Since the magnetic compass is the only direction seeking instrument in most airplanes, the pilot should be able to turn the airplane to the desired compass heading and then maintain it. There are certain inherent errors in the magnetic compass, making exact straight flight and precise turns to specific compass headings difficult to accomplish, particularly in turbulent air. The pilot should be familiar with the inherent errors and how to compensate for them. These are briefly explained in Chapter 13.
The heading indicator (directional gyro) is fundamentally a mechanical instrument designed to help in maintaining a magnetic heading since its indications are much more stable than the magnetic compass. However, because it has no inherent direction seeking characteristics, it must first be set to the heading shown on the compass. The calibration of its dial, though presented in an upright position for easier reading, is similar to that of the magnetic compass. The heading indicator, being gyroscopically operated, is not affected by the forces that cause the errors in the magnetic compass.
The vertical velocity indicator is a sensitive differential pressure
gauge that senses the rate of change in static air pressure to indicate
the rate at which the airplane is climbing or descending. The dial is graduated
in hundreds of feet per minute.
The tachometer is an instrument for indicating the speed at which the engine crankshaft is rotating. The dial is calibrated in revolutions per minute (RPM). The pilot controls the RPM by use of the throttle and/or the propeller control.
The oil pressure gauge indicates the pressure under which oil is being supplied to the internal moving engine parts by the lubricating system. Thus, it warns the pilot of impending engine failure which may result from an exhausted oil supply, failure of the oil pump, broken oil lines, etc.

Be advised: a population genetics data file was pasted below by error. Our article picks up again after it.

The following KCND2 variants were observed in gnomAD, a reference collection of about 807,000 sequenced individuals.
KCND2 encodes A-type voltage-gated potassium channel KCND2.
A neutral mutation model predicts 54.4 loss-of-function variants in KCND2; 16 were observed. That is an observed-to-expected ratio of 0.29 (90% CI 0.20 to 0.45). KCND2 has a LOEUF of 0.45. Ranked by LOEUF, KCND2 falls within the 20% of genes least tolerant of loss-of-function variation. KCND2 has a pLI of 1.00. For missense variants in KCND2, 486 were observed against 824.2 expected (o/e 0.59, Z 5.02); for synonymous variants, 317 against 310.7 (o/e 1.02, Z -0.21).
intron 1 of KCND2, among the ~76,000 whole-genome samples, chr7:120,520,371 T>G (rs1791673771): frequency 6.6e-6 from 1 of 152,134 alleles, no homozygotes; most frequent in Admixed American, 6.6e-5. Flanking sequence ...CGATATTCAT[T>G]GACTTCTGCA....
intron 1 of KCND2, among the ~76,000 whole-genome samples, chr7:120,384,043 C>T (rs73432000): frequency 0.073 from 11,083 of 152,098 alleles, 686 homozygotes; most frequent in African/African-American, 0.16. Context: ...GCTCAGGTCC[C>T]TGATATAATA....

The oil temperature gauge indicates the temperature of the oil entering the engine so that the pilot can determine if the oil has reached the proper temperature for applying takeoff power and whether oil temperature is becoming excessive in flight. With a very low temperature the oil may be so thick that it is not able to lubricate the internal moving engine parts. With an excessively high temperature the lubricating oil tends to thin out and decreases the lubricating qualities of the oil.
Fuel quantity gauges enable the pilot to determine the amount of fuel in each of the tanks to ensure that sufficient fuel is available for the flight.
The fuel pressure gauge measures the difference in pressure between the fuel and the air being supplied to the engine. Thus, the instrument indicates whether fuel is being supplied and the actual pressure at which it is being forced into the engine.
The manifold pressure gauge indirectly indicates the power output of the engine by measuring the pressure of the air in the fuel/air induction manifold. The higher the manifold pressure, the greater the power being developed by the engine. By means of the throttle, the pilot can control the pressure in the manifold, and thus the power. By reference to this gauge, which is calibrated in inches of mercury, the power can be adjusted to specific values within the capabilities of the engine. The gauge is required on airplanes equipped with a supercharger or a constant speed propeller.
The cylinder head temperature gauge is an important instrument for engines
capable of high compression and/or high power. It indicates the temperature
of the cylinder head of the hottest cylinder (usually one of the rear ones
in a horizontally opposed or flat engine) and gives the pilot a means of
determining whether the engine is operating at normal or excessive engine
temperatures. Operating the engine at a temperature higher than it was
designed for will cause loss of power, excessive oil consumption, and damage
to the cylinder walls, pistons, and valves.